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Skrapan – Living in the Centre of Stockholm

In my last weeks’ post, we travelled through life at Lappis. This week, we explore other student accommodation – Skrapan. If you are the one who isn’t comfortable sharing your kitchen with 10 other people or doesn’t want a party place like Lappis but still wants to be in the centre of Stockholm, then Skrapan is the place for you.

The best thing about Skrapan is that its right in the centre of Stockholm with Gamlastan just a stone throw away.

This adds to the vibrant feeling of the place with shops and malls around. Every Saturday there is a flea market happening on the campus where you get to buy things from fresh groceries to antic jewellery and second-hand items. Occasionally there would be open theatres and plays to keep you entertained.

The apartment would be shared by two people consisting of a hall, kitchen and a bathroom. But the thing which stands out the most is the big windows which every room has. This gives access to amazing views, especially during this quarantine. I will let the pictures do the talking here.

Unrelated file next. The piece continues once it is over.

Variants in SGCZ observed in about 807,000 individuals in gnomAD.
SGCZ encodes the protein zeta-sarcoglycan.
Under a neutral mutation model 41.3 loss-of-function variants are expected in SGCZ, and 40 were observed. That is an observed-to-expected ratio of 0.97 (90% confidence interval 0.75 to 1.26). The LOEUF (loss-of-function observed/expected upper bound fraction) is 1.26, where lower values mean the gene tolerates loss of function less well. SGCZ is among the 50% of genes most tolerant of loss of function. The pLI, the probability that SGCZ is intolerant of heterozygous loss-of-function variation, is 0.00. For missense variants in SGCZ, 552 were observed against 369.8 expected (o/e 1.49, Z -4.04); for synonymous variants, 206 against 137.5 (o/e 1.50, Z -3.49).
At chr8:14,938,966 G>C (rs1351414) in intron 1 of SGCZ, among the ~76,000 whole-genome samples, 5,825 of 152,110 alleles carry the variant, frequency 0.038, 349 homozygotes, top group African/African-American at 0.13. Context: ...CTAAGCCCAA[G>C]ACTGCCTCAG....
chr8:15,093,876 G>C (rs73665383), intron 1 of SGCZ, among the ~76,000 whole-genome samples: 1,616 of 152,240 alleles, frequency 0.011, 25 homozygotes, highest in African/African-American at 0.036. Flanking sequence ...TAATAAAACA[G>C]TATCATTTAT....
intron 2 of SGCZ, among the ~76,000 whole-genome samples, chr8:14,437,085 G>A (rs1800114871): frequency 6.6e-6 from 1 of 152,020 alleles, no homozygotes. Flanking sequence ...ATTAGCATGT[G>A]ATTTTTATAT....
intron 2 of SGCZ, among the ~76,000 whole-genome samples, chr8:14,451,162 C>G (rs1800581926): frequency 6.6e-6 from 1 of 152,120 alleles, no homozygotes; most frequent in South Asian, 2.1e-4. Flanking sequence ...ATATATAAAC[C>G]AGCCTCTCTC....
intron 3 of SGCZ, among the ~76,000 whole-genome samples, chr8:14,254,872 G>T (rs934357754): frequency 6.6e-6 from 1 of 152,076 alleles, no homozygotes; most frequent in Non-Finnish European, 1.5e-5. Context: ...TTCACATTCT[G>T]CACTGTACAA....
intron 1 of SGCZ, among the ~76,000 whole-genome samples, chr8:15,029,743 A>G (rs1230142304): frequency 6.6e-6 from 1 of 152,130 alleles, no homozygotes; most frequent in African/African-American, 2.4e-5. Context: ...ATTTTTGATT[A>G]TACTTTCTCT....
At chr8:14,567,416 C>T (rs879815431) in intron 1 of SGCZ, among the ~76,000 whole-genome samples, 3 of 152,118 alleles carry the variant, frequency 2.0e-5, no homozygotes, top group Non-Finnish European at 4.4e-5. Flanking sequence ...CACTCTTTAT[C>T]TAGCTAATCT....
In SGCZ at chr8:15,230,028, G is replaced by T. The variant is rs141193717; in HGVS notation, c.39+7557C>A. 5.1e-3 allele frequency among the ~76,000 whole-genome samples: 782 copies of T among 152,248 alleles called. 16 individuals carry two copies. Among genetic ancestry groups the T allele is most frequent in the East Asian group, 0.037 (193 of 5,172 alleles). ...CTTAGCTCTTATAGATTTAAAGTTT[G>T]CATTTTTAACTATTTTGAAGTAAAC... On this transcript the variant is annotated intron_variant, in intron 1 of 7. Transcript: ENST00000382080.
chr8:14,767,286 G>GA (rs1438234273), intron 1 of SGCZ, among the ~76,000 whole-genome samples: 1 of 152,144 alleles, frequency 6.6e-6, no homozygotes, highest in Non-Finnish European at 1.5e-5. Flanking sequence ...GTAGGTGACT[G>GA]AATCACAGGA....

It also has an active basketball court. The rent is, of course, cheaper here than Lappis. Being in the centre of the city, the metro station is just outside the campus. Unlike Lappis which only has ICA, there are tons of options for shopping at Skrapan. The backside of Skrapan would be the student community isn’t that organised as in Lappis and it would feel like staying in any private apartment.

A rare bright sunny day at Skrapan
Picture credits: Ravina Adsul

I would like to give a shout out to Ravina Adsul who narrated her experience and gave me inputs and pictures for this blog.

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Hej, I am from India currently pursuing Integrated Product Design at KTH. Moving to Stockholm has given me an opportunity to explore the new city like a local yet maintain the awe of a traveler. The vibrant KTH campus and its activities are itself a treat to a creative and aspiring mind. Join me on this journey of stories as we meet amazing people, exploring the innovation and sustainability pursuits happening throughout the KTH campus and the historical treasures of the city and the ways of employing jugaad to survive on a budget in one of the most expensive cities.